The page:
Monday, July 28, 2008

Clothes of The Future

If you lived in the States during the late 60’s/early 70’s, you may have watched a weekly series for a few years called “Lost in Space”. A family-the Robinsons-was sent into space for a short jaunt; the father was a space engineer, the mother was a doctor, and they had 3 children. Accompanying them was a co-pilot, and, unbeknownst to them, the resident bad guy, Dr. Smith, who snuck on before takeoff for his own devious reasons. Due to his intruding, plans were foiled and they found themselves…ah…lost in space. The galaxies offered grit for many sagas, even though today’s kids would scoff at the makeup and costumes of the aliens. Even the story lines were tame by today’s sci-fi standards, such as the alien who traveled across the universe, collecting beings for his zoo. People hadn’t yet experienced high tech special effects, so what the show offered was the height of coolness, even in the early black and white episodes. My personal favorite was when a female alien became enamored of the never-trustworthy, always lazy, Dr. Smith. His memorable character acting was never as funny as in that particular story line. The sexy femme fatale would appear outside of the spaceship window cooing “Dr. Smith” as she floated back and forth. Dr. Smith would run screaming and crying in his cowardly way, giving viewers a big laugh-or at least a smile. But none of this tops Robot. I loved Robot. Robot was the genius, the pet, the comic foil, and most importantly, the thorn in the side of Dr. Smith. He’d wave his stretchy-pipe arms and intone, “Danger Will Robinson, Danger”, and you knew something horrible was coming. He and Dr. Smith would trade insults until Dr. Smith would pull out Robot’s power pack and Robot would collapse with a sound that defies description. But by the end of every show, the family would escape the clutches of whatever evil alien being was intending to harm them, and be on their way to the next adventure. The movie version failed to do it justice, and I don’t recollect any board games, dolls or merchandise connected to it-true class.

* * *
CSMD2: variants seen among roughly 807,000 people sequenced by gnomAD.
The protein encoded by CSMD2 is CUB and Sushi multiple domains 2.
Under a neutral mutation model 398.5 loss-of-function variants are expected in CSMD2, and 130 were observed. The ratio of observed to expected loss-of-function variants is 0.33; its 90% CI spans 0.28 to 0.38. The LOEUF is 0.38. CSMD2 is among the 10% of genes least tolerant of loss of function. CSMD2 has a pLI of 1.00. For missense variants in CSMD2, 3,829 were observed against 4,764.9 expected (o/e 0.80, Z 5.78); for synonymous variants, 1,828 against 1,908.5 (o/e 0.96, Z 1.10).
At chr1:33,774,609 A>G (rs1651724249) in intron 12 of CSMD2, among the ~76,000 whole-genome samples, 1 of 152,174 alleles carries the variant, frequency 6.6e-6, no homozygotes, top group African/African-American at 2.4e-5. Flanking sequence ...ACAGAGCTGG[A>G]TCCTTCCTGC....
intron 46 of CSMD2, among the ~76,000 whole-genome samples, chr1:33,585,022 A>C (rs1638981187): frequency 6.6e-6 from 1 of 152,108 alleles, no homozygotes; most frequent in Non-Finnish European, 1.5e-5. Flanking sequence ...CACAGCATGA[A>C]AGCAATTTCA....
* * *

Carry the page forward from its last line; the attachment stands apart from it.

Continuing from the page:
Thinking about this earlier today again made me wonder if we, as a human society of the future, will ever wear the clothing that science fiction writers and designers portray. In this show, as in many other television and movie productions, the future means unisex attire, usually as a jumpsuit, and most often with long sleeves. It’s rather understood that we will have the joy of miracle fiber in the future, material that will keep us cool in summer, warm in winter, never need special laundering or any ironing, will come in flattering colors-or metallics-while still able to conform to our body-with the supreme advantage of not allowing any bulges, rolls, or other drawbacks to be apparent. This is a bit different than the clothes presented on the future world cartoon “The Jetsons” because in that, everyone did have unique styles, albeit quite geometric looking. (Of course, there is always the realm of future depicted by the entertainment industry in which everyone walks around in rags because the world has been practically destroyed, but we won’t go there today.)

My question is, do you think that the day will come when everyone will dress alike in unisex clothing? If it happened upon us in the next year-however absurd that may seem, would you go for it?

On one hand, I can see where a far-off future society-say thousands of years away-may be much more enlightened than we are, and will be at an intellectual and emotional place where attire isn’t important. In that case, unisex clothing would be much, much simpler in terms of decisions, packing, washing…not to mention what we could do with all the time and energy we now spend shopping, trying on, sewing, and accessorizing. It actually would be quite nice to be at such a place. But as far as things look to me, I can’t see that ever happening in our lifetime; we’re a far way from being that enlightened. We still want diversity, interest, fun and uniqueness. Our great, great, great, great, great grandchildren may never understand, but right now, fashion is fun, isn’t it?

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